Under Three Hundred

The random witterings of Jonathan Morris, writer.

Thursday, 17 November 2016

The End of the World

Out today, the new issue of Doctor Who Magazine (available at all good newsagents) has a couple of things by me in it.

First of all, there’s Take Two – 50 Years of the Second Doctor, an article on the Patrick Troughton era of  the show. Hopefully I say a few things that haven’t been said before, point out some things that have been overlooked. As it is, it’s more about the way the programme changed as Patrick Troughton became the second Doctor, but with the change of Doctor reflecting the way the programme was changing under producer Innes Lloyd rather than the change of Doctor causing the show to change. And at no point do I use the term ‘cosmic hobo’, which is a first.

Secondly there’s a Fact of Fiction article on The End of the World. Which, thanks to an extremely lovely person, includes a large amount of hitherto unpublished information about the first draft of the script, including lots of deleted scenes. The whole point of doing these articles is to uncover new information, stuff which hasn’t been covered in previous archives or The Complete Series magazines; it makes life difficult but that is also the fun of it, and hopefully it will make going to back to watch the episode a richer experience (in the same way as reading Revolution in the Head and The Complete Beatles Recording Sessions might increase a fan’s appreciation of the Beatles).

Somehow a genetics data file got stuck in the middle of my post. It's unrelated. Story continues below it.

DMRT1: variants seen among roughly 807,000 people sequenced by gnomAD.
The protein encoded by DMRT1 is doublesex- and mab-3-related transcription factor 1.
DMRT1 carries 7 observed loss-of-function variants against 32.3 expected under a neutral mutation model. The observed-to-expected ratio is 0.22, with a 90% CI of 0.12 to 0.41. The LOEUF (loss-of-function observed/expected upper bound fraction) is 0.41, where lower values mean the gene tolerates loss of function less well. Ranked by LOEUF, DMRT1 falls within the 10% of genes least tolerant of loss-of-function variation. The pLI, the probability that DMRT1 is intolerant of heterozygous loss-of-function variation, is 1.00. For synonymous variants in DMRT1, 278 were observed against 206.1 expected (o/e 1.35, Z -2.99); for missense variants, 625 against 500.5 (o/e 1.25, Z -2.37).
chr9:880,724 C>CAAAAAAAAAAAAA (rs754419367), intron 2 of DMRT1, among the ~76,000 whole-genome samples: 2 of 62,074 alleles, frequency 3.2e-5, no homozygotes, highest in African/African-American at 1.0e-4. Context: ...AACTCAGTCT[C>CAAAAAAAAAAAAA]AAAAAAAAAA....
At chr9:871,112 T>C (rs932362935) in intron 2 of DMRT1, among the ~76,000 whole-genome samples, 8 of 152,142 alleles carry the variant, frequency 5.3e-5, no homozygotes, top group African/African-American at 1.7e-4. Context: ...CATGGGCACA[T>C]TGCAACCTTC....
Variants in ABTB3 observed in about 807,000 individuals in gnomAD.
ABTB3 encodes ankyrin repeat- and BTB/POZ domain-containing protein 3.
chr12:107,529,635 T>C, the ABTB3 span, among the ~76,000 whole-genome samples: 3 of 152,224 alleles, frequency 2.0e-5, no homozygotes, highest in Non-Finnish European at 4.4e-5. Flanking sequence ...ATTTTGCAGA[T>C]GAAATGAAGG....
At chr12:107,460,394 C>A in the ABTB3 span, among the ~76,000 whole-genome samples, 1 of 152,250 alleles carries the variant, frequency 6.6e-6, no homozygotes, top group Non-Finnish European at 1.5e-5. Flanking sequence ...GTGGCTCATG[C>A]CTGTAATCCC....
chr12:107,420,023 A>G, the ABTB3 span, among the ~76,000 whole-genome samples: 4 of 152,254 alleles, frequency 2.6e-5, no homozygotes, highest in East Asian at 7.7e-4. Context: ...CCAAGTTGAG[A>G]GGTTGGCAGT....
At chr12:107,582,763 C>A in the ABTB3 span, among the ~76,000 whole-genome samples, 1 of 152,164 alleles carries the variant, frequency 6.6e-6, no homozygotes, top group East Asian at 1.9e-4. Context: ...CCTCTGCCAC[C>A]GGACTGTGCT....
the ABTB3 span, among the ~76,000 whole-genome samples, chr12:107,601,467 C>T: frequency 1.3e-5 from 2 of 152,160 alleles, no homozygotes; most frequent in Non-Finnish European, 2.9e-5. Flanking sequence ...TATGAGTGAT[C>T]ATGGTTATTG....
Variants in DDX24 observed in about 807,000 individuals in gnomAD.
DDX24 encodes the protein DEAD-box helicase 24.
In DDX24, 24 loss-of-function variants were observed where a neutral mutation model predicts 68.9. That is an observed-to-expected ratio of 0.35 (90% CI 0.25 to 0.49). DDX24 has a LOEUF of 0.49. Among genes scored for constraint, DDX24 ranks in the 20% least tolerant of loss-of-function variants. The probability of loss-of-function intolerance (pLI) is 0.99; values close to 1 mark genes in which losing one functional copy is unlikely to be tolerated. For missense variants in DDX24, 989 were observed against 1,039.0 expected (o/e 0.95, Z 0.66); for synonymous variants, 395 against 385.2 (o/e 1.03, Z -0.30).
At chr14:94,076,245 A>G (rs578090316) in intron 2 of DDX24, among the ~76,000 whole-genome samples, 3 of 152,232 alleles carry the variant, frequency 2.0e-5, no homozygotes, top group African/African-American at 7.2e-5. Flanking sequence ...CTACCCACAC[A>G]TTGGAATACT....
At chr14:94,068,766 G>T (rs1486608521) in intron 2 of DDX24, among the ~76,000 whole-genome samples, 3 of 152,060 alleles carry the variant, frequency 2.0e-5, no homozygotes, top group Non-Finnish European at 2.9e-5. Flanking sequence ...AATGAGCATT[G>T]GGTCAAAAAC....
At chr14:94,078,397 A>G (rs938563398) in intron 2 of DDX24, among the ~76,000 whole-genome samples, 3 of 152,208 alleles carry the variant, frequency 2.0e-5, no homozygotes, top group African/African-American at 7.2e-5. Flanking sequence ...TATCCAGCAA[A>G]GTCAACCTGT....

Plus, marvellously, the wonderful Russell T Davies agreed to answer a few questions about the episode, so even if you’re not fascinated by differences between script drafts and which bits of dialogue were late additions in ADR there is a lot of entertaining and illuminating stuff in there.

And, in four weeks’ time, there’ll be another one. A Fact of Fiction on The Runaway Bride – which includes a rather amazing thing that no-one has noticed, hidden in clear view all along...

Friday, 23 September 2016


Yesterday saw the publication of another issue of Doctor Who Magazine with a thing by me in it. The thing on this occasion is a feature on the Cybermen, entitled You Know Our Ways, and, for the first time, reveals the metal giants’ own verdict on their many ingenious Cyber-plans. Which one do they consider the most logical? Which one was the greatest success? It’s all in there, along with me doing my Torchwood joke again. I am also particularly proud of one of the gags for Rise of the Cybermen.

I’m not sure what more I can say about the article. It’s, um, hopefully humorous, which in a way is harder than writing something serious because with some stories a lot of jokes have been made already, and also the article is celebratory so the jokes are affectionate, rather than at the expense of the stories or their production values. Largely.

Anyway, this is the third one of these I’ve done; I’ve now described the events of The Five Doctors from the point of view of the Daleks, the Cybermen and the Master. What next? Well, I suppose I could do it from the point of view of the Brigadier, or K-9, or the Time Lords, or even the Doctor himself... well, we’ll see. Stay tuned!

Thursday, 25 August 2016

In It For The Money